The Reserve Bank's affairs are governed by a Central Board of Directors, consisting of fourteen non-executive, independent directors nominated by the Government, in addition to the Governor and up to four Deputy Governors. Besides, one Government official is also nominated on the Board who participates in the Board meetings but cannot vote.
The RBI has 22 regional offices, mostly in state capitals. RBI is the debt-manager and banker to State governments (i.e., the provinces constituting the Indian federation).The RBI renders advice to the Central and the State Governments, particularly about financial sector reforms. In brief, the RBI has been assigned several functions, in addition to monetary management. In performing each of the functions, the statute as well as the functional content, requires that the RBI exercise varying degrees of autonomy and coordination vis-à-vis the government. The three over-arching features governing the relations with the Government are autonomy in operations; harmony in policies; and coordination in structural transformations.
The foreign exchange reserves, which have more than doubled from US$ 76 billion at the end of March 2003 to around US$ 200 billion at the end March 2007. While the level of foreign exchange reserves is extremely modest compared to that of Japan, our reserves exceed each - a full year's imports as well as the entire external debt. Since 2002, India has turned creditor to the IMF and has engaged in prepaying external debt. While the RBI is invested with multiple objectives and is not mandated by law with target/instrument autonomy, the conduct of monetary policy has consistently evolved around the goals of sustained growth, price stability, and financial stability, with a continuous rebalancing of weights assigned to each, depending on the evolving macroeconomic scenario. In the recent period, the objective of price stability and well-anchored inflation expectations has been accorded priority against the backdrop of global and domestic developments. It is heartening to note that high growth in the last four years has been associated with a moderation of inflation. The headline inflation rate, in terms of the wholesale price index, has declined from an average of 11.0 cent during 1990-95 to 5.3 per cent during 1995-2000 and to 4.9 per cent during 2002-07. The trending down of inflation has been associated with a significant reduction in inflation volatility, which is indicative of well-anchored inflation expectations, despite the visitations of adverse shocks, both domestic and external.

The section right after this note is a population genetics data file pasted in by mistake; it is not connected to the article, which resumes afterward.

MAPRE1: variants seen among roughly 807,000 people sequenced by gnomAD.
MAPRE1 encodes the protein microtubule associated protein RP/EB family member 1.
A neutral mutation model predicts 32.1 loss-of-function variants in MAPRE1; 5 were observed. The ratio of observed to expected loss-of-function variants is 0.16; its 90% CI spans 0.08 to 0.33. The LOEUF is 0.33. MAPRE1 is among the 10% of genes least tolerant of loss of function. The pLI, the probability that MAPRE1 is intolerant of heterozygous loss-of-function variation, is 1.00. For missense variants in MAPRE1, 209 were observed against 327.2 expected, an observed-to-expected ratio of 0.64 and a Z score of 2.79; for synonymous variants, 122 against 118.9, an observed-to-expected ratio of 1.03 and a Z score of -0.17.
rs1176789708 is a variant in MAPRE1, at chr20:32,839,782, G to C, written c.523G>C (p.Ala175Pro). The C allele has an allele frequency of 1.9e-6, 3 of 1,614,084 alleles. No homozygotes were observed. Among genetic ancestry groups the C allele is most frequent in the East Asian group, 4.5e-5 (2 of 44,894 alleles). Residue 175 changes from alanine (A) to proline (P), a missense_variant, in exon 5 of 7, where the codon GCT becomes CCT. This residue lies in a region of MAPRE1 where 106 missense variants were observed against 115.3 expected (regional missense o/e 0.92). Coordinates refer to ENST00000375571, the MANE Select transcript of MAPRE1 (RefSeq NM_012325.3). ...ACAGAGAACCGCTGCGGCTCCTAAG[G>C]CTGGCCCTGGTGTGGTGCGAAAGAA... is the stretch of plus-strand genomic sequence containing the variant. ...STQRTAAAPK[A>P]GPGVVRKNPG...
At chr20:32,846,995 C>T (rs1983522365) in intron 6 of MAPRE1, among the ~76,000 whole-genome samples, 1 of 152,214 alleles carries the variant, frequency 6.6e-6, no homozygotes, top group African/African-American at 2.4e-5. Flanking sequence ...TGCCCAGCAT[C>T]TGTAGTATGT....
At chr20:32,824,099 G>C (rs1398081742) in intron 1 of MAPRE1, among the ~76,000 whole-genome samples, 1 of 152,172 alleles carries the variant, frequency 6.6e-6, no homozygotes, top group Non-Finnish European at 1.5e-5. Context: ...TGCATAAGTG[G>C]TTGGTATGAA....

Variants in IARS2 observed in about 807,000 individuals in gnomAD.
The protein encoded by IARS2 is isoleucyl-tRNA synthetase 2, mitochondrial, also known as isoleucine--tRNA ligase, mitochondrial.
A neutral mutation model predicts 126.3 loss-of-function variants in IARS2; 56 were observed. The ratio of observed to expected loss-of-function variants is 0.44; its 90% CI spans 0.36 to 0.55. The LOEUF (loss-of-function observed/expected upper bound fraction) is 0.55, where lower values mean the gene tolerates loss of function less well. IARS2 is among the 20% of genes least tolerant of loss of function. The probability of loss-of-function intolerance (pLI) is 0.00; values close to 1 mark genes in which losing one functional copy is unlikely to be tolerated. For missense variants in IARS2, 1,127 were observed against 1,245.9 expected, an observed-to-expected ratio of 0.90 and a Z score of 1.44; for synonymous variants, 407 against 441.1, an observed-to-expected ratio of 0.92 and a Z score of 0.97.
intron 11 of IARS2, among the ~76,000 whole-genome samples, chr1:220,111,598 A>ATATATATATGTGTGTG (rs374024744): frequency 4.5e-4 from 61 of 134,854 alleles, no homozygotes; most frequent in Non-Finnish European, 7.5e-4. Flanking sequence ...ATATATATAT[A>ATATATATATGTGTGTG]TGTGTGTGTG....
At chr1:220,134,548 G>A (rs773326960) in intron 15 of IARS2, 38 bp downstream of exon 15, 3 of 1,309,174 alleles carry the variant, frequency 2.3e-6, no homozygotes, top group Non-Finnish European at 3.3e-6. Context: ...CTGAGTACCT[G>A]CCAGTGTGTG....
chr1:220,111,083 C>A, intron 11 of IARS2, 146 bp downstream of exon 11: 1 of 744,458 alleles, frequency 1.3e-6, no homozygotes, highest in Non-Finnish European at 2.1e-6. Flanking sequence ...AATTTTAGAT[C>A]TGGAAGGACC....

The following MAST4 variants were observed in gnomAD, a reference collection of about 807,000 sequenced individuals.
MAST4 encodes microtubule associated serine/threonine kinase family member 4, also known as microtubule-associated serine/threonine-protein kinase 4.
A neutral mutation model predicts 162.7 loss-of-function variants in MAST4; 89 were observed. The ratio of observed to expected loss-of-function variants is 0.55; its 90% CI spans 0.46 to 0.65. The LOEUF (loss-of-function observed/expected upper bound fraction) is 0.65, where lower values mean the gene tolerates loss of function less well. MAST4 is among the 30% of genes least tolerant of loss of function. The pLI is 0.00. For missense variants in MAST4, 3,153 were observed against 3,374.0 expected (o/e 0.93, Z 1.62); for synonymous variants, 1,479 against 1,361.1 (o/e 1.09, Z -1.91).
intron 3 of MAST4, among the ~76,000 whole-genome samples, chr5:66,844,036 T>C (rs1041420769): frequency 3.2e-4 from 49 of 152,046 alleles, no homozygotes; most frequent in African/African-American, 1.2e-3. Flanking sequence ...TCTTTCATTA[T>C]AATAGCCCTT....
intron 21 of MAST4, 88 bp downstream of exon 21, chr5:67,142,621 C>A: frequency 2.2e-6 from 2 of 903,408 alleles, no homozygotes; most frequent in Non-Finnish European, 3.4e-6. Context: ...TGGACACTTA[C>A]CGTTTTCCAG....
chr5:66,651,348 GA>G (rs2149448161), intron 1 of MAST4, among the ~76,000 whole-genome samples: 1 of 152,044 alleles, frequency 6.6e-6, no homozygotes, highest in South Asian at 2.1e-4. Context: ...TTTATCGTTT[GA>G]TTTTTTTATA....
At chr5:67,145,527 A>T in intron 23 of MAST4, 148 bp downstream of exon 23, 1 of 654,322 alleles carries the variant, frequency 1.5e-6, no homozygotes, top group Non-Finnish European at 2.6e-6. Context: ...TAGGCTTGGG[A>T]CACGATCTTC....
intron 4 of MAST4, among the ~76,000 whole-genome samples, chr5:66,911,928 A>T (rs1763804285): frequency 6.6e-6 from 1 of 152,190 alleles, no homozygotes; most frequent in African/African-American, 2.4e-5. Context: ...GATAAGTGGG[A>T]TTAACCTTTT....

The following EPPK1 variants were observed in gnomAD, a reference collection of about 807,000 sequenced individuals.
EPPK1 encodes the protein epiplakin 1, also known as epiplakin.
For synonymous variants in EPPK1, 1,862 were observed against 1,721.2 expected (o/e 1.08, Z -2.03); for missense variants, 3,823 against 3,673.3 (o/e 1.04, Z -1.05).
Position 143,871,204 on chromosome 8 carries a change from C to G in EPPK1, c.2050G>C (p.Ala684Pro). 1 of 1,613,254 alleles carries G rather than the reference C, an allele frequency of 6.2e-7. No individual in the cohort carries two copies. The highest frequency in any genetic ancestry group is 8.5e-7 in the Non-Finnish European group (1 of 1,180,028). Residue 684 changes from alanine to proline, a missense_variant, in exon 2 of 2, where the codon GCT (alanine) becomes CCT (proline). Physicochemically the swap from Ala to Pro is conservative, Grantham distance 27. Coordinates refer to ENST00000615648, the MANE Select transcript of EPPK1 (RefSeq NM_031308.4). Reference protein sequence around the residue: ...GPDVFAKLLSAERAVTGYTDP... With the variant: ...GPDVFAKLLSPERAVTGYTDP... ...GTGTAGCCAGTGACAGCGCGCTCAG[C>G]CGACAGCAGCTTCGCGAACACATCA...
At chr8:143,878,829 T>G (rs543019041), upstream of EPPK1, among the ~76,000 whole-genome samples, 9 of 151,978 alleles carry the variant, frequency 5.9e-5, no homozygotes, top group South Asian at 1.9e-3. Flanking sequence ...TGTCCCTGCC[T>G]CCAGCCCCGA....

There is evidence that the widening and deepening of the financial sector, the diffusion of micro structural reforms along with improved regulatory and supervisory oversight have enabled the development of a robust, efficient and diversified financial system with sound and well-functioning financial markets. The combined effects of competition, regulatory measures, policy environment, and motivation have imparted greater strength, efficiency, and stability to the financial sector. The efficacy of financial sector reforms is also reflected in the significant improvement in the asset quality of the banking sector. Currently, all scheduled commercial banks are compliant with the minimum capital adequacy ratio of 9 per cent.
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